The forty-eight-foot-tall, brick-lined, cast-iron Chatham tower, originally built in 1877, was dismantled, hauled up the cape, and rebuilt atop a cement foundation 200 feet from the cliff’s edge at Nauset Beach. The remaining Sister (minus its fourth-order Fresnel lens) was sold for $10 to Albert Hall, who incorporated it into his residence known as “The Beacon.” After its reconstruction, the former Chatham tower became known as Nauset Lighthouse or Nauset Beach Lighthouse, and the Barbier & Benard, fourth-order Fresnel lens was installed in its lantern room. The lens had three flash panels and produced a group of three flashes that was thought to honor the Three Sisters.
To provide accommodations for the keepers of the relocated cast-iron tower, the 1876 dwelling built for the Three Sisters was relocated farther away from the edge of the bluff. The cost of moving the dwelling, building a cellar, and installing the foundation for the relocated tower came to $3,680. The 1892 oil house from the Three Sisters continued to be used for the new lighthouse.
The top portion of the previously all white tower was painted red in 1940, to give it a distinctive daymark.
When Eugene L. Coleman arrived at Nauset Lighthouse as keeper in 1942 after having served more than a decade at Cape Neddick in Maine, he was greeted at the local combination post office/store with the words, “Cap, I think you’re going to like it here. We have a great climate here. Never gets cold for much of a time. Once in a while we get a below-zero temperature, but, I tell you, there are some beautiful days here in winter.”
“Well that winter,” Coleman said, “it was down to eight below. For two days you could look out this window at noon and you couldn’t see those houses except at noon. Vapor was that thick. It was some cold that winter.”
In 1946, the Colemans went for a period of time without a radio for entertainment, because they were unable to obtain replacement batteries, but Amanda Coleman was pleased to be with her husband at an onshore station where they could at least enjoy their neighbors. “Many’s the time, from Christmas to Mother’s Day, that I haven’t seen another woman to talk to. The hardest part of lighthouse duty is being alone, having no one to talk to.”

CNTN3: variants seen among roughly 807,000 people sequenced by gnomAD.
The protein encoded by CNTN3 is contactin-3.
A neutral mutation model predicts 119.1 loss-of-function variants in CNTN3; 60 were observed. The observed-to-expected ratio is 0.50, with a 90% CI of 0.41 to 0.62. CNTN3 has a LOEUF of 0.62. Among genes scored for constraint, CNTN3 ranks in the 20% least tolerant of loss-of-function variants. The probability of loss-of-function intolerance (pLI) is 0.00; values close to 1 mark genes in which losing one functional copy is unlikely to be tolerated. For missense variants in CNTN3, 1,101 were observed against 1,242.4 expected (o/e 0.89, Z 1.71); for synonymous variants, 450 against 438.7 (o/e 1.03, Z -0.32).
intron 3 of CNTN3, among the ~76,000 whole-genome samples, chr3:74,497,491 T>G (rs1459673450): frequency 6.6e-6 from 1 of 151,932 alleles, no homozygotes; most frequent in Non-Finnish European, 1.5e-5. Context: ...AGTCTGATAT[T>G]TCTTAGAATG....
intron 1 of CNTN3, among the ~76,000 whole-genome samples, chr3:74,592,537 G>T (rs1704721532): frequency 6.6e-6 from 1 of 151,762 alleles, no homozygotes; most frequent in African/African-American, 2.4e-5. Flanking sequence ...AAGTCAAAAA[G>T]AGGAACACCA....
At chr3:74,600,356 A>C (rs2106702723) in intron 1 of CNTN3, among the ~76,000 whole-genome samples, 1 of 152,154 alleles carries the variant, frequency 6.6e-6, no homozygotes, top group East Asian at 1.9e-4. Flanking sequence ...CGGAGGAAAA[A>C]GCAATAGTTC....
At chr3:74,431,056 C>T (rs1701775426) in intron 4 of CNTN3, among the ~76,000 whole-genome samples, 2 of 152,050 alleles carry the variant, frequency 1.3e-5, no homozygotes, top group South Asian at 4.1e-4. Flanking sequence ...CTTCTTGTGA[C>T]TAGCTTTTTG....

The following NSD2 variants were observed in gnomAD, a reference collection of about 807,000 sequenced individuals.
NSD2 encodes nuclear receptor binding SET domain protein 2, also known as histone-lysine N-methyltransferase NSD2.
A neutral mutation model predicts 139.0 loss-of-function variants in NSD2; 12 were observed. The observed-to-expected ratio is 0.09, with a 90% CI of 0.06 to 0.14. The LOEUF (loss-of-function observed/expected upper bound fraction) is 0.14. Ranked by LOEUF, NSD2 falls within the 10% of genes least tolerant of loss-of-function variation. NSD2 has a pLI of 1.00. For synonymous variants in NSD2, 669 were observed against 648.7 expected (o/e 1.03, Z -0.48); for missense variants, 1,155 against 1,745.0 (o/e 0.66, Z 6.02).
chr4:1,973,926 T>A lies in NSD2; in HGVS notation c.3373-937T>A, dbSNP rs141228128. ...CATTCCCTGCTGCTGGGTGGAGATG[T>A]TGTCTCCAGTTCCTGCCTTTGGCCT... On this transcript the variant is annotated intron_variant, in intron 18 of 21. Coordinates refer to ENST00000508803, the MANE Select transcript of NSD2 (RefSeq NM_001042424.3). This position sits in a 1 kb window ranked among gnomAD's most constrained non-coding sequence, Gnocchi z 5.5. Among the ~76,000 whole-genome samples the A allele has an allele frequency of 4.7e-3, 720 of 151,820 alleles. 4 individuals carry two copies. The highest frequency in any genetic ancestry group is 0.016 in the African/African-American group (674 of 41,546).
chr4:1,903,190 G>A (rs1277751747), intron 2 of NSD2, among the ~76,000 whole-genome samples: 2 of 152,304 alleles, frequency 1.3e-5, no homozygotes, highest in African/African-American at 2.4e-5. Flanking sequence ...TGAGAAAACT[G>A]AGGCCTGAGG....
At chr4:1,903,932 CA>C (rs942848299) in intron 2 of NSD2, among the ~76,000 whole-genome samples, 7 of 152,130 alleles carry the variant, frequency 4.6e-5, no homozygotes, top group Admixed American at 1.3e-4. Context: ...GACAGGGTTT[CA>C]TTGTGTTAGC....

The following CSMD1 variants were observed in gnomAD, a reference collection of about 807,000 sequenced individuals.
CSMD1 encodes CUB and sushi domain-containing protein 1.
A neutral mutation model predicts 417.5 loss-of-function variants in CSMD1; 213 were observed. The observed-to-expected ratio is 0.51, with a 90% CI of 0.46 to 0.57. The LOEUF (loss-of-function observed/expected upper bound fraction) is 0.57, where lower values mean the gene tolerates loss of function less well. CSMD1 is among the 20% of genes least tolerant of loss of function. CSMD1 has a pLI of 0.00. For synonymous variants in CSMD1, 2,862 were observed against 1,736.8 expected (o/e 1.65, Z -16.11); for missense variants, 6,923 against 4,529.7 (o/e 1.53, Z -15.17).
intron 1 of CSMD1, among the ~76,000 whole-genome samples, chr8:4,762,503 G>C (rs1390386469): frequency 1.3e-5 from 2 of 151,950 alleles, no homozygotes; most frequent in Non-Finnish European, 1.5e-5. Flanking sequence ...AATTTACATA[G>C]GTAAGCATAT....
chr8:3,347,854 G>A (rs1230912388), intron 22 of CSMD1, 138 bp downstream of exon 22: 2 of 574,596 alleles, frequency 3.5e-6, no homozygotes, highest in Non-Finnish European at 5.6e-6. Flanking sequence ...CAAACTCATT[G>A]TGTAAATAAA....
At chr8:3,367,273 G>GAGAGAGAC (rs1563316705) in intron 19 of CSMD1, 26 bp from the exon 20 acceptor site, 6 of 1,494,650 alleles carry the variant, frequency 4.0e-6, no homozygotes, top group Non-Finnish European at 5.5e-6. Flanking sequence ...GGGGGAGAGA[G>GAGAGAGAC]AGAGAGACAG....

Nauset Lighthouse was automated by the U.S. Coast Guard in 1955, and the keeper’s house was sold. In 1981, modern aerobeacons replaced the fourth-order Fresnel lens, which is currently displayed at Cape Cod National Seashore Visitor Center in Eastham. The light characteristic was changed at that time to alternating red and white flashes, which ties in nicely with the tower’s daymark.
By the 1980s, the strength of the surf and harsh storms had eaten away the nearby cliff, endangering Nauset Lighthouse. Through the efforts of the Nauset Light Preservation Society, the ninety-ton lighthouse and companion oil house were moved intact to safety 336 feet from the bluff’s edge by International Chimney Corporation and Expert House Movers. The move, which took just two days and started on November 16, 1996, was much easier than the job of relocating the cape’s Highland Lighthouse, which the two companies had undertaken earlier that year.
At the time of its relocation, the tower stood a perilous twenty-five feet from falling off the cliff. Before the Society stepped in, the U.S. Coast Guard had no plans to save it, but they gladly leased the tower to the organization in 1995, so the move could be planned.
Through a combination of Federal grants and funds raised by the Nauset Light Preservation Society, on May 10, 1997, Nauset Light was relit as a private aid to navigation. (It had been decommissioned by the U.S. Coast Guard before the move.)
In 1998, Mary Daubenspeck agreed to donate the 1875 keeper’s dwelling to the National Park Service granted that she retain the right to use and occupy the house for another twenty-five years. In October of that year, the dwelling, which was just twenty-seven feet from the edge of the bluff, was moved across the road and reunited with the tower, keeping the same orientation and relative position to the lighthouse that it originally had.
Through the efforts of the Nauset Light Preservation Society, who maintain and operate the light, Nauset Light should remain safe—at least for the 75 to 100 more years it is expected to take for erosion to threaten the light again.